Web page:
WASHINGTON (CNN) -- John McCain's victory in Tuesday's New Hampshire primary appears to be paying off.
Sen. John McCain wins 34 percent of registered Republicans in a CNN/Opinion Research Corp. poll.
The senator from Arizona is the front-runner in the battle for the Republican presidential nomination, according to the first national poll taken after the New Hampshire primary.
McCain has the support of 34 percent of registered Republicans in a CNN/Opinion Research Corp. survey out Friday. That's a 21-point jump from the last CNN/Opinion Research poll, taken in December, well before the Iowa caucuses and New Hampshire primary earlier this month.
Former Arkansas Gov. Mike Huckabee, who won the Iowa Republican caucuses, is in second place in the new survey, with 21 percent of those registered Republicans polled supporting him for the GOP nomination. Check out the poll »
Rudy Giuliani follows with 18 percent, a drop of six points from the December poll, when the former New York City mayor was the front-runner.
"Only McCain gained support among Republicans nationally. McCain's now the clear Republican front-runner," said Bill Schneider, CNN senior political analyst.
Former Massachusetts Gov. Mitt Romney is in fourth place, with the backing of 14 percent of registered Republicans, with former Sen. Fred Thompson of Tennessee at 6 percent, Rep. Ron Paul of Texas at 5 percent, and Rep. Duncan Hunter of California at 1 percent.
These results have a sampling error of plus or minus 5 percentage points.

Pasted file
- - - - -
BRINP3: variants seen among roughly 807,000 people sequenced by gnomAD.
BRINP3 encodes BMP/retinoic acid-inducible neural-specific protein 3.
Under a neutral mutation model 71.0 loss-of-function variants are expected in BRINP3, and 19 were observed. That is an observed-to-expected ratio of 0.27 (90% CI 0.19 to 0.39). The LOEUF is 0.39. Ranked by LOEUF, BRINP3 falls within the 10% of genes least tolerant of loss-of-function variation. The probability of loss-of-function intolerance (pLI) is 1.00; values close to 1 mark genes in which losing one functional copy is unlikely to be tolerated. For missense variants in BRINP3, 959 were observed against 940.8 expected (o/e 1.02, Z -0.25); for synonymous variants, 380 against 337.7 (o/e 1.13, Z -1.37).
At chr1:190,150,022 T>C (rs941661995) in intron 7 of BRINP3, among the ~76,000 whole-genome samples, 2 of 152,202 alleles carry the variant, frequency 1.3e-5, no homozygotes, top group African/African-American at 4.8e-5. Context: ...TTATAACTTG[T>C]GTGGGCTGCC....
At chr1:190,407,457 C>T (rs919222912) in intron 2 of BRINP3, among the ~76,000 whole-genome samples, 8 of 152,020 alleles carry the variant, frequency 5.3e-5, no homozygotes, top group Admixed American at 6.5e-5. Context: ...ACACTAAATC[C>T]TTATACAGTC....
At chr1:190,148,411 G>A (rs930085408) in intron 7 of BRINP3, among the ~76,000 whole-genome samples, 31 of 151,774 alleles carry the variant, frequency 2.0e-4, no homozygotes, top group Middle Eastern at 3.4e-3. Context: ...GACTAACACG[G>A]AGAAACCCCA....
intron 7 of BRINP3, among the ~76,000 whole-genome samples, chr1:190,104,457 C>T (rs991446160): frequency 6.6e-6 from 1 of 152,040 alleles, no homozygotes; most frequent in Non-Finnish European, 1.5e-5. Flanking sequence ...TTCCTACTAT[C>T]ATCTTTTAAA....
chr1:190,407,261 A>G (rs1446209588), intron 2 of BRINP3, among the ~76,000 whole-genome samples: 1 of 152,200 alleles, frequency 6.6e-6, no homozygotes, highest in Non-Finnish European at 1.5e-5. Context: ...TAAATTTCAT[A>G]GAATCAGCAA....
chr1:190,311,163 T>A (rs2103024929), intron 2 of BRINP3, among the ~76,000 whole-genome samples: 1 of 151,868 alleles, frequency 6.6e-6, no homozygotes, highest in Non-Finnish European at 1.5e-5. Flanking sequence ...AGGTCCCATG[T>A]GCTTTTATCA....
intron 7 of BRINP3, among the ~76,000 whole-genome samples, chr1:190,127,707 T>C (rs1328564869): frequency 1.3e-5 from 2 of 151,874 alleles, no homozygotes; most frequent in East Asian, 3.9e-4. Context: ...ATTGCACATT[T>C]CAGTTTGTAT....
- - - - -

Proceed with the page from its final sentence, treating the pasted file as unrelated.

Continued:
"Giuliani has lost the 'inevitability factor.' Back in October, half of all Republicans nationwide said that he was most likely to win the nomination. Now that is down to 15 percent. McCain is now seen as the most likely GOP nominee -- 45 percent feel that way about him, up from 13 percent in October," said CNN polling director Keating Holland.
Early victories appear to have boosted Sen. Hillary Clinton of New York and Sen. Barack Obama of Illinois in the Democratic nomination battle, with Clinton the choice of nearly half of registered Democrats nationwide.
Clinton is at 49 percent in the new poll, up nine points from the December survey, with Obama at 36 percent, which is a six-point gain from his December standing.
Obama finished first in Iowa's Democratic caucuses. Clinton won in New Hampshire.
"Clinton has re-established herself as the Democratic front-runner, especially among Democratic women," Schneider said.
Former Sen. John Edwards of North Carolina is a distant third, at 12 percent, with Rep. Dennis Kucinich at 1 percent. The sampling error for the Democratic results is plus or minus 4.5 percentage points.
More than half of registered Democrats polled consider Clinton most likely to win the Democratic nomination.
"Clinton is also seen by Democrats nationwide as more likely to have a clear plan for the economy, Iraq and health care. A potential Clinton victory also generates more enthusiasm among Democrats than the prospects of Obama winning the party's nod," Holland said.
There's also another front-runner, and that's the economy.
Thirty-five percent of registered voters polled said the economy is the most important issue when it comes to their vote for president. That's up 6 points from December. Sixty-one percent of those questioned said the economy is in a recession, up 4 points from December and up 15 points since October.
Iraq is in second place as the most important issue, at 25 percent, followed by health care, immigration and terrorism.
The poll was conducted by telephone on January 9 and 10. One-thousand-thirty-three adult Americans were questioned, including 840 registered voters, 443 registered Democrats and 397 registered Republicans. The sampling error for the entire survey is plus or minus 3 percentage points. E-mail to a friend
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